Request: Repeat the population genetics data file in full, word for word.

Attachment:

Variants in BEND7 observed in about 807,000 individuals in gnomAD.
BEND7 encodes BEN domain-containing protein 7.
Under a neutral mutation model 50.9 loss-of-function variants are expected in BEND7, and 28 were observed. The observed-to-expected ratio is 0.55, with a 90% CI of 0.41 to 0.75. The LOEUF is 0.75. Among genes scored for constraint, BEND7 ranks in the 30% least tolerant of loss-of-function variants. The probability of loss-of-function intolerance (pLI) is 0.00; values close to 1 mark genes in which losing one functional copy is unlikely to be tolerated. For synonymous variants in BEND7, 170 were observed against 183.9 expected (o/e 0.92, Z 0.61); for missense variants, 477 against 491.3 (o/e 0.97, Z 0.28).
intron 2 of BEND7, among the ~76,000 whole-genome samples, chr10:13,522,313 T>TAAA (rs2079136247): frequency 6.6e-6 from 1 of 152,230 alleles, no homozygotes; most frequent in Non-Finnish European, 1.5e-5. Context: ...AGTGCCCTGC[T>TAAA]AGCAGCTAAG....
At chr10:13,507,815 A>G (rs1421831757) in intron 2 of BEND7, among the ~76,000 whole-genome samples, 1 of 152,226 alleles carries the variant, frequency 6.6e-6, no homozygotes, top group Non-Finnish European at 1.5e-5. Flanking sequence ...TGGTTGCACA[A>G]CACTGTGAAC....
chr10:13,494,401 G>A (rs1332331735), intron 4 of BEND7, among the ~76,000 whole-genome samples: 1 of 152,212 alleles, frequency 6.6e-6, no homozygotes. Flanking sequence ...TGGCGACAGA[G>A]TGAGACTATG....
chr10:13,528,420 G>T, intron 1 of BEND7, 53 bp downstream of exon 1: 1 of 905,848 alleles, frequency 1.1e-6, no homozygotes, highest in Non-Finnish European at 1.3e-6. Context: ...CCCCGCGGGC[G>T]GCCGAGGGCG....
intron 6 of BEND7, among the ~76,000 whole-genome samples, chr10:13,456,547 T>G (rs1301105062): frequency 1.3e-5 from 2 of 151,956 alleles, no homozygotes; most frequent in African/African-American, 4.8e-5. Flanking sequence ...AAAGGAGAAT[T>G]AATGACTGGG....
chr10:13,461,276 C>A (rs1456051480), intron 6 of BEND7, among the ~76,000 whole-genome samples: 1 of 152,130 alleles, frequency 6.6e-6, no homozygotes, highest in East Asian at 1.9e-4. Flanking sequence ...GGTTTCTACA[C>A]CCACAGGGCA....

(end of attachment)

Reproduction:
Variants in BEND7 observed in about 807,000 individuals in gnomAD.
BEND7 encodes BEN domain-containing protein 7.
Under a neutral mutation model 50.9 loss-of-function variants are expected in BEND7, and 28 were observed. The observed-to-expected ratio is 0.55, with a 90% CI of 0.41 to 0.75. The LOEUF is 0.75. Among genes scored for constraint, BEND7 ranks in the 30% least tolerant of loss-of-function variants. The probability of loss-of-function intolerance (pLI) is 0.00; values close to 1 mark genes in which losing one functional copy is unlikely to be tolerated. For synonymous variants in BEND7, 170 were observed against 183.9 expected (o/e 0.92, Z 0.61); for missense variants, 477 against 491.3 (o/e 0.97, Z 0.28).
intron 2 of BEND7, among the ~76,000 whole-genome samples, chr10:13,522,313 T>TAAA (rs2079136247): frequency 6.6e-6 from 1 of 152,230 alleles, no homozygotes; most frequent in Non-Finnish European, 1.5e-5. Context: ...AGTGCCCTGC[T>TAAA]AGCAGCTAAG....
At chr10:13,507,815 A>G (rs1421831757) in intron 2 of BEND7, among the ~76,000 whole-genome samples, 1 of 152,226 alleles carries the variant, frequency 6.6e-6, no homozygotes, top group Non-Finnish European at 1.5e-5. Flanking sequence ...TGGTTGCACA[A>G]CACTGTGAAC....
chr10:13,494,401 G>A (rs1332331735), intron 4 of BEND7, among the ~76,000 whole-genome samples: 1 of 152,212 alleles, frequency 6.6e-6, no homozygotes. Flanking sequence ...TGGCGACAGA[G>A]TGAGACTATG....
chr10:13,528,420 G>T, intron 1 of BEND7, 53 bp downstream of exon 1: 1 of 905,848 alleles, frequency 1.1e-6, no homozygotes, highest in Non-Finnish European at 1.3e-6. Context: ...CCCCGCGGGC[G>T]GCCGAGGGCG....
intron 6 of BEND7, among the ~76,000 whole-genome samples, chr10:13,456,547 T>G (rs1301105062): frequency 1.3e-5 from 2 of 151,956 alleles, no homozygotes; most frequent in African/African-American, 4.8e-5. Flanking sequence ...AAAGGAGAAT[T>G]AATGACTGGG....
chr10:13,461,276 C>A (rs1456051480), intron 6 of BEND7, among the ~76,000 whole-genome samples: 1 of 152,130 alleles, frequency 6.6e-6, no homozygotes, highest in East Asian at 1.9e-4. Flanking sequence ...GGTTTCTACA[C>A]CCACAGGGCA....